Medway joins Canterbury in declaring Zero Tolerance for sexual assaults
Published 19 June 2018
Medway is the second area in the UK to address sexual harassment and discrimination in the night-time economy as part of its licensing policy.
Earlier this year Medway Council approved a recommendation to support Kent Union’s (the students’ union for the University of Kent) Zero Tolerance campaign. The campaign, supported by the Police and Crime Commissioner Matthew Scott, aims to raise awareness of and tackle sexual harassment in night-time premises, such as bars and clubs. The first council to launch the campaign was Canterbury.
According to national figures released by Drink Aware, 54 per cent of women aged between 18 and 24 have experienced unwelcome physical attention on a night out.
The PCC has funded Kent Union to collaborate with the University of Kent, Canterbury Christ Church University and Kent Police, as well as local councils and businesses to deliver training and awareness of the issue across venues in Medway and Canterbury. The training helps empower license holders to tackle the culture of sexual harassment in the night-time economy.
Medway’s launch event was held on June 13 at The Student Hub on the universities at Medway campus in Chatham. As part of the event, license holders from across Medway were invited to attend a training course to learn about the issue and what they can do to help.
Ruth Wilkinson, Kent Union President, said:
'I’m absolutely thrilled that Medway Council has passed this licensing change, this is such an important statement about their determination to tackle sexual harassment in the night-time economy. I can’t wait to work with them and Canterbury City Council as well as license holders to create a future where our students and the public can enjoy nights out knowing that harassment or assault won’t be tolerated!'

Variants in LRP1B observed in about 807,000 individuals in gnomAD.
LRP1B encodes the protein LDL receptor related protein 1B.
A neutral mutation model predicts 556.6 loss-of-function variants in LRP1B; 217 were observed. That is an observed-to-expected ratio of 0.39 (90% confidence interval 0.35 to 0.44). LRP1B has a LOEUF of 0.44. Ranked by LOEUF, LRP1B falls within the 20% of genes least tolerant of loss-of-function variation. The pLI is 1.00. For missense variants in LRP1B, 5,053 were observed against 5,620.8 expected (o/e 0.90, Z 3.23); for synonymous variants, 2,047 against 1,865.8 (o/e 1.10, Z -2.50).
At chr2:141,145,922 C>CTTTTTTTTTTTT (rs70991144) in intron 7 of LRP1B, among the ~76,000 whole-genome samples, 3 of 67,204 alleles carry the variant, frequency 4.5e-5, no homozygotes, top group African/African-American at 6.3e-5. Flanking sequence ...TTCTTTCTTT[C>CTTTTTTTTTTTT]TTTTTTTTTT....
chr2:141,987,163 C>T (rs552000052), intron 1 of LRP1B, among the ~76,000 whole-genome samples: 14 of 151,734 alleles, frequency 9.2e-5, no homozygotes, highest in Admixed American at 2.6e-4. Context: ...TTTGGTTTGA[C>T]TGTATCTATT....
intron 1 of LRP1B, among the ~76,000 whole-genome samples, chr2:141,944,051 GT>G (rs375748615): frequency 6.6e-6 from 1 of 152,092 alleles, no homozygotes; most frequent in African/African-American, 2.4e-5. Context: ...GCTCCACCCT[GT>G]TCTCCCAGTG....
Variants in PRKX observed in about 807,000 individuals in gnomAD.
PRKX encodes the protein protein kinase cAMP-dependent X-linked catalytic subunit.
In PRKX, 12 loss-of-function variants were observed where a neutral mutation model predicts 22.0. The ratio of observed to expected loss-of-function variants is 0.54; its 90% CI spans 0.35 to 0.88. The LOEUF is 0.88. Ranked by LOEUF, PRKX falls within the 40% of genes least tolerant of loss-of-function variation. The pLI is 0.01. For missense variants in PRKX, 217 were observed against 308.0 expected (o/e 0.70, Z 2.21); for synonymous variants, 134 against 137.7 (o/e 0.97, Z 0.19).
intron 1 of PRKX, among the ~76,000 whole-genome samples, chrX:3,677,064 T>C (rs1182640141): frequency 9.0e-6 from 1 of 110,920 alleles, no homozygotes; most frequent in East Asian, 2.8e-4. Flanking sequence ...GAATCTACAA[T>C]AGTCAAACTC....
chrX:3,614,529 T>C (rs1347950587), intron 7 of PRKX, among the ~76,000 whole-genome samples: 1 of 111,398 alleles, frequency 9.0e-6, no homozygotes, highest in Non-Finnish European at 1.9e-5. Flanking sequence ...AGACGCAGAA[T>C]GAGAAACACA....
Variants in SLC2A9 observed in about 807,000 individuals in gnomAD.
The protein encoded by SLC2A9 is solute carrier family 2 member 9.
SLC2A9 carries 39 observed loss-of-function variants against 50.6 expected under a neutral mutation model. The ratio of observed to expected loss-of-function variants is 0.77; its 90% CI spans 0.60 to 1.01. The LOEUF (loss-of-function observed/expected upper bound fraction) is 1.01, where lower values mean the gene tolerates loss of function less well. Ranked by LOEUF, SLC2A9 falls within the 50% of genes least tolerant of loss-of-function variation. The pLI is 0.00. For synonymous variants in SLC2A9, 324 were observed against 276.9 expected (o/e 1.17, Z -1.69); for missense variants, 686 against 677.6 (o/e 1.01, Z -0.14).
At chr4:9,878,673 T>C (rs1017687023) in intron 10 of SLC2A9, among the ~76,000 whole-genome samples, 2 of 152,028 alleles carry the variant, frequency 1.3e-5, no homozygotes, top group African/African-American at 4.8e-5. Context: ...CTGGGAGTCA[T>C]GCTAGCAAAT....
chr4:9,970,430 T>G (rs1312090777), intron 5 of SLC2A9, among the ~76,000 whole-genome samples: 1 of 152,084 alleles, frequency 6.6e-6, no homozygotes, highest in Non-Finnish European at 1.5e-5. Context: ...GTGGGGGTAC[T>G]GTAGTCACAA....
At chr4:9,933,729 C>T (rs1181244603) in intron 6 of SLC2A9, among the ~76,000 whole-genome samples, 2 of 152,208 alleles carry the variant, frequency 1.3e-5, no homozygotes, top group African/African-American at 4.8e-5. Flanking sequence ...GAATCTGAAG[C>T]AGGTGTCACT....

Cllr Adrian Gulvin, Chair of the Medway Community Safety Partnership, said:
'We fully support the Zero Tolerance campaign and we are proud to be the second council across the UK to reflect our licensing policy to help raise awareness of such an important issue. Medway is now a centre of educational excellence, with four universities and two colleges offering a range of courses for 12,000 students. We are proud of our students and would be pleased for them to stay in Medway after finishing their studies. The area has a lot to offer our young people, including high job prospects. It’s also important everyone feels comfortable on a night out, whatever their gender or sexual orientation and we will continue to work with partner agencies to help raise awareness of the Zero Tolerance campaign.'
Mr Scott said:
'For me, funding the Zero Tolerance project from my Safer in Kent Fund was a no brainer. No-one should think that being sexually assaulted on a night out is normal or acceptable. It absolutely is not.
'I was in Canterbury on Friday to hear how the project has been making a real difference there and it is great to see licensees at venues in Medway adopting the training too so their staff also know how and when to intervene to protect victims. I encourage other councils across the country to follow Canterbury and Medway’s lead by making this a requirement.
'We all have a responsibility to look out for each other and ensure Kent is a safe place to live, work, visit and study.'
If you’re interested in getting involved, especially if you’re a license holder, or to find out more information, visit www.kentunion.co.uk/zerotolerance